It’s difficult for me to imagine that the Republicans aren’t in trouble right now, but the keyword is imagine. I’m not going to believe anything I read in the media about that. But just as POTUS uses a weather event to argue against climate change, it’s going to be difficult for folks not to do the same with the current stock market adjustment, and there will go conservatives’ one and only argument about why Trump’s “comportment” is not an issue. “My portfolio’s looking good, so Trump’s good.”

Trump Drops the T-Word

Democrats who fail to applaud him aren’t betraying the country.

Updated Feb. 5, 2018 7:47 p.m. ET
By The Editorial Board

Treason by any other name is not defined by refusing to applaud Donald Trump during his State of the Union speech last week. Still, at a discursive speech Monday in Cincinnati that was nominally about the strong economy, President Trump decided to drop the T-word on the Democratic hand-sitters. “They were like death, and un-American,” Mr. Trump said to the Ohio factory workers. “Somebody said treasonous. Can we call that treason? Why not? They certainly don’t seem to love our country very much.”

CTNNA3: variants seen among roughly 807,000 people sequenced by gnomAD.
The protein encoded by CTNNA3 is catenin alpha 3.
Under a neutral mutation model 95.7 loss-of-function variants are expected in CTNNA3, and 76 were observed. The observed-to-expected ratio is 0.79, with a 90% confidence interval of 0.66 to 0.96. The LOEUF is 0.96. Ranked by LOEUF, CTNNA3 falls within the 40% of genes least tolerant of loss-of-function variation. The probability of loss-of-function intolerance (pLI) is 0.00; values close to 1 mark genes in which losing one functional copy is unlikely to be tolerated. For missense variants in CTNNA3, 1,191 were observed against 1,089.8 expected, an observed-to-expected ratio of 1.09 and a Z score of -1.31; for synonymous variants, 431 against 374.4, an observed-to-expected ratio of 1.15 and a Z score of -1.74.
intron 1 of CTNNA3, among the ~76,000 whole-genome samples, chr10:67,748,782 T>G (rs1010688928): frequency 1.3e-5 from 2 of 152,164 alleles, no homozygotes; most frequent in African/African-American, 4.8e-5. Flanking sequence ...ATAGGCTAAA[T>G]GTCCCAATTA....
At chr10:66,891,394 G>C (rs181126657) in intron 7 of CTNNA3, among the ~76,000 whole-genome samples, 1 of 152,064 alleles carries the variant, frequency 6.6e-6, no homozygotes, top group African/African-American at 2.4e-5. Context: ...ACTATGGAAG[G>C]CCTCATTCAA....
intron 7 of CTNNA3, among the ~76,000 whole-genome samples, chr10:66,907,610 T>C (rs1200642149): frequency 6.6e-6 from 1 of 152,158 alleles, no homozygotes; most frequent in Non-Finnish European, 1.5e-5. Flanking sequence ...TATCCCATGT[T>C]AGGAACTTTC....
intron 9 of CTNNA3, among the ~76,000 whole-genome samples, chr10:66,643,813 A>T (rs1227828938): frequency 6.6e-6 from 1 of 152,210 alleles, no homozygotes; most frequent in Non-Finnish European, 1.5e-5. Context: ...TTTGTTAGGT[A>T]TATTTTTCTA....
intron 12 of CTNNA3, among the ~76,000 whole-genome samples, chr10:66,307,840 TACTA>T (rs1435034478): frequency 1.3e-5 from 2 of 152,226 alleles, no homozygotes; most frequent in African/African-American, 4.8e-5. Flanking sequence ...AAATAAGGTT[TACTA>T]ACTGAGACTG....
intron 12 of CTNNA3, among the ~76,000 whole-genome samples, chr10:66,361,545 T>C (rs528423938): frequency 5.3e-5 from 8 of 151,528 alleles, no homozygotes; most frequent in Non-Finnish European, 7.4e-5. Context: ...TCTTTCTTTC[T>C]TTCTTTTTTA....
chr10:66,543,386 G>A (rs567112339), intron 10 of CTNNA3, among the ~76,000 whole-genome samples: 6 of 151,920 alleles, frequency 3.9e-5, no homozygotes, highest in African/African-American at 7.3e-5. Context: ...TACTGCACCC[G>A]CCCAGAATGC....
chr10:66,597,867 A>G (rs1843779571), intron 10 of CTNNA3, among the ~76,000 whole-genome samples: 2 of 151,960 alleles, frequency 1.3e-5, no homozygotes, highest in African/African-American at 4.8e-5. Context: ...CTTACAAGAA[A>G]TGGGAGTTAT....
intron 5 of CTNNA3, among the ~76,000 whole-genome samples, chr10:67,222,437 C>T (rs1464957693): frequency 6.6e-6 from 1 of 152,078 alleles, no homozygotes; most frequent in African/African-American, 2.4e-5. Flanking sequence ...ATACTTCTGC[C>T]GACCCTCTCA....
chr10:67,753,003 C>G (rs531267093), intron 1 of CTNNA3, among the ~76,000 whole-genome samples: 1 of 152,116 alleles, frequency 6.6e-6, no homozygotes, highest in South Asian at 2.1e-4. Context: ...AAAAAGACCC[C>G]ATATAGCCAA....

When politicians start accusing opponents of treason, our former Journal colleague Seth Lipsky has made it a practice to recall that “treason” is defined narrowly in Article III, Section 3 of the U.S. Constitution.


Perhaps we should be grateful to Mr. Trump for giving us the opportunity to quote the Founding Fathers: “Treason against the United States, shall consist only in levying war against them, or in adhering to their enemies, giving them aid and comfort. No person shall be convicted of treason unless on the testimony of two witnesses to the same overt act, or on confession in open court.”

Watching Nancy Pelosi and Chuck Schumer scowl through the State of the Union speech, several words occurred to us: churlish, grumpy, resentful. But treasonous didn’t spring to mind. Mr. Trump’s mind no doubt is filled with smoldering anger because opponents have called him authoritarian, totalitarian, Hitler and insane.


Voters may be getting turned off by the hyperbolic rhetoric of politics, but they’d better expect more of the same. Mr. Trump tweeted Monday that Democratic Rep. Adam Schiff of the House Intelligence Committee “must be stopped,” whatever that means for a duly elected Member of Congress, while Mr. Schiff accuses Mr. Trump of colluding with Russia based on little evidence. The real treason here, in the non-constitutional meaning, is against normal political debate and reason.

Appeared in the February 6, 2018, print edition.